At Tuesday, August 12, 2014 9:08:00 PM, Blogger Maurice Bernstein, M.D. said...

I appreciate the emotions and concerns that lead to the bizarre scenarios being written to this thread by Jason and others all trying to make a point and support that point. And I already know what is the point and points after all these thousands of commentaries, so it is unnecessary to remind me.

With regard to the students I worked with all afternoon, what everyone here must realize that these are medical students learning to perform the specific and detailed technicalities of the physical examinations and in no way these students were simulating true patients or the events which may occur with real patient interactions. They examined each other in various combinations of 1 or 2 students for each of 2 subject and then the subject became an examiner and so on. In the 2 separate groups of 6 students each, as usual, the females subjects were primarily examined by a student of their own gender while the male subjects were examined by both males and females.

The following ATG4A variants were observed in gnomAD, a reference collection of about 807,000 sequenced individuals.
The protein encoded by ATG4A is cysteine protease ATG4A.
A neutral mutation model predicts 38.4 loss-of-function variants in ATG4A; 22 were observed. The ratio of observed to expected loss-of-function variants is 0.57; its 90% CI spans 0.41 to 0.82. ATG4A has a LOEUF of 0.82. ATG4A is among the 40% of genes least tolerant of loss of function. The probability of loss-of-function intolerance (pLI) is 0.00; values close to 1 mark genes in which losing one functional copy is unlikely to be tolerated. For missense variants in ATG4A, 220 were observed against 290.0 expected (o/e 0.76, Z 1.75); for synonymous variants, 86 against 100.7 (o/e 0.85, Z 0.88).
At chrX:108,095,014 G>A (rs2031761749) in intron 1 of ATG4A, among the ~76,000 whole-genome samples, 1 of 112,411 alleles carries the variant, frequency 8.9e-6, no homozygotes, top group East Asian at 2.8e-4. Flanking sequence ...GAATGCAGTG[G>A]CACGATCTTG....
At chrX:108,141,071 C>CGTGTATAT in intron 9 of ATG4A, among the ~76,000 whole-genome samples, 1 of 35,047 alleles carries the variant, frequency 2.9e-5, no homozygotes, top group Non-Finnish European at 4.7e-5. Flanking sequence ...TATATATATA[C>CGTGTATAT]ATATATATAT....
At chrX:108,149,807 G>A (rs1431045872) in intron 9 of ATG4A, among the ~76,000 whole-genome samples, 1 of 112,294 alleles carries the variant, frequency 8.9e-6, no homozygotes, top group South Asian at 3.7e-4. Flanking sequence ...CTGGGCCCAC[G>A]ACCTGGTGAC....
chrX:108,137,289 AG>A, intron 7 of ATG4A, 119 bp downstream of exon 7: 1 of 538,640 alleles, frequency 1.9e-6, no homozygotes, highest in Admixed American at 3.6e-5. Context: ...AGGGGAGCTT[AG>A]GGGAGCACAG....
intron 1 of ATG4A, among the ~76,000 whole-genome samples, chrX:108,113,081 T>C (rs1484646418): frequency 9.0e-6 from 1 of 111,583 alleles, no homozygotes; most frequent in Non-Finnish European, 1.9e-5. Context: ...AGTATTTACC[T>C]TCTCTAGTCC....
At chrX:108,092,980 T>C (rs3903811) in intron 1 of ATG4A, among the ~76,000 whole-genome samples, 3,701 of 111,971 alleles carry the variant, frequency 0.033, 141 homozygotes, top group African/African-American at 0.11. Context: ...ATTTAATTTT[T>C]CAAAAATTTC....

The necessity for attention to modesty was brought up by me right from the beginning of each session and continued throughout my examination of a student and when they were examining themselves. The use of a cape for both male and female subjects was followed and the students were instructed how a female patient's breast area should be examined in a way to avoid any unnecessary handling or exposure considering the wishes and consent by the patient in terms of personal modesty. Similarly the potential for male modesty regarding chest area was also mentioned which supported the use of a cape in males.

Let's now move on to completing a list of necessary procedure and behavioral changes to the medical system and specific approaches to actively attempt to promote and produce those changes. We should now go beyond "moaning and groaning" and writing imaginary and not realistically helpful scenarios and direct this thread's attention to DOING SOMETHING CONSTRUCTIVE towards the goal.